The Looper I have is the TCE Ditto X2 which I like by dint of its dual footswitches. Yet had I been compelled to buy within the compact form-factor I would have gone for the slightly more feature rich Boss RC-3 or DigiTech JamMan XT - both being excellent choices. Would be nice to see the Ditto Stereo at some stage with a few more features onboad - and why not two footswitches like Chase Bliss, Dr Scientist and Foxpedal do:

  • alternative 1 - JamMan Solo XT - £100
  • alternative 2 - TC Electronic Ditto Stereo - £99

Double Tracker = TC Electronic Mimiq - £116

This is really only good for a stereo rig like mine is, but if you are playing through 2 amps, then the Mimiq is amazing - it not only thickens up your sound, gives it more dynamism and more crunch, it also widens your stereo soundstage - it's like a magic Hi-Fidelity or 3D switch. The Keeley and Boss here are pretty decent, but they don't really have the same magic formula that the TCE Mimiq does

  • alternative 1 - Keeley 30ms Double Tracker - £149
  • alternative 2 - Boss PS-6 Harmonist - £128

8 Additional Pedal Types

The 20 Pedal Types above are mostly considered the core or classic ones - likely with the exception of the Double Tracking, but I wanted to include my mainstays - here follow the other key categories guitar pedals are usually classified within:

 

alphabetical:

  • Bitcrusher - Lower sampling rate pedals give you a deeply distorted signal tone - like recording and playing back in extreme lo-fidelity
  • Filter - There is all manner of signal filtering possible - typically knows as Envelope Filters - used to create effects such as Auto- and Touch-Wah, as well as Formant type vowel sounds, can also include oscillators and all manner of signal-colouring components
  • Pitch Shifter / Harmonizer = Pedals wich alter signal pitch - up or down / detune - this probably includes the wonderful DigiTech Whammy range - can be both monophonic and polyphonic - tends to be tricky with lower/longer wavelength frequencies - for tracking purposes
  • Ring Modulator - This is another kind of filter really which processes and modualtes signal frequencies - a sort of exaggerated deep and rapid vibrato
  • Rotary - Rotary / Leslie Speaker sound - really needs stereo to work properly
  • Slicer / Stutter - Boss calls it Slicer and Strymon call is Pattern Trem - this is a stuttery effect created by chopping and stepping up the original signal
  • Synth - Pedals which modulate and modify guitar output to sound like synthesizer or organ tones
  • Vibe / Uni-Vibe - This is a specialised Chorus/Vibrato style effect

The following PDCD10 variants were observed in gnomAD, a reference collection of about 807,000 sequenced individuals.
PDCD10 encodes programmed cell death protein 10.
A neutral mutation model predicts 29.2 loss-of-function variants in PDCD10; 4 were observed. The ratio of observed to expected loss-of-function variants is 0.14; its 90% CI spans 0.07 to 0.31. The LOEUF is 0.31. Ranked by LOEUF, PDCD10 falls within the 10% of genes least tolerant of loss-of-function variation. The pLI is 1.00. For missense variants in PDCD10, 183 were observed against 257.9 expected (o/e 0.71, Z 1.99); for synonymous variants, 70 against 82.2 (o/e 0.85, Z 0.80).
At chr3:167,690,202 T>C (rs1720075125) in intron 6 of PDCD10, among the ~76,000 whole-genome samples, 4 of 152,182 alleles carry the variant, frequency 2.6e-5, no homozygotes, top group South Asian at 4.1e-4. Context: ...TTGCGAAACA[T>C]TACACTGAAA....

Final Thoughts

The majority of the first choice pedals here are long-term tried and tested regular constituents of my chain. There are several others here that are obvious shoe-ins in their categories, and a couple more recent additions which are not yet part of my collection and which I may never acquire, even though they are on my rather expansive wishlist.

 

I have multiple Drive pedals in my chain, and mix up the Chase Bliss analogue modulations with Digital Boss MD-500 & RV-500 as well as an Empress EchoSystem. I also have a lot of medium-sized dual-channel pedals in my chain which are obviously beyond the size restrictions of this category.

 

Were I force to source my pedals entirely from the compact pedal format I would be more than delighted with the pedal chain featured here - all of those pedals are exceptional and would serve anyone well.

 

If you read through all the different placings here then TC Electronic (12 mentions) is the winner, followed by Boss (9) and then Chase Bliss (5). I would need Dunlop for the Volume and Wah pedals, and one more brand to cover off the odd drive pedal, and that would be most of this covered. Boss, EHX and MXR properly have a pedal for pretty much every occasion, and even though TC Electronic has moved up fast there are still gaps in its range - same can be said about fairly expansive ranges by DigiTech, Earth Quaker Devices, Keeley and Wampler. I still see plenty of scope for growth and plenty of space for boutiques and independents - like Foxpedal. As with fashion though much of this is down to luck and happenstance and how you can appeal to and maintain mindshare in such a media-saturated world.

 

In my various blog posts to date I have covered and mentioned pedals from somewhere in the region of 200 different makers, and this is still only just scratching the surface - much of this is also down to local distribution and availability, as well as price points. I still find it strange when I can buy a pedal from Canada on Reverb.com, get it shipped and pay custom dues, and still get it for a lot less than it's sold for within the UK. Distribution is not really the biggest problem as there are often numerous UK resellers that list a product - just none of them have it in stock and may not have had it in stock for a while. All my Dr Scientist pedals were procured from Canada via Reverb.com - they just weren't available from the UK vendors.

 

Most UK-based pedal-makers, with the exception of Origin Effects, Rainger FX and Stone Deaf, seem overly rooted to the 70's - with old-fashioned oversized recreations of mostly already existing products - wholly lacking in innovative flair. Just like Boss has had to react to heightened competition from the likes of Strymon, TC Electronic and Chase Bliss - UK pedal-makers need to also react to those and try and gain their own competitive advantage like the aforementioned trio of UK companies is already doing.

Stefan
Posted by Stefan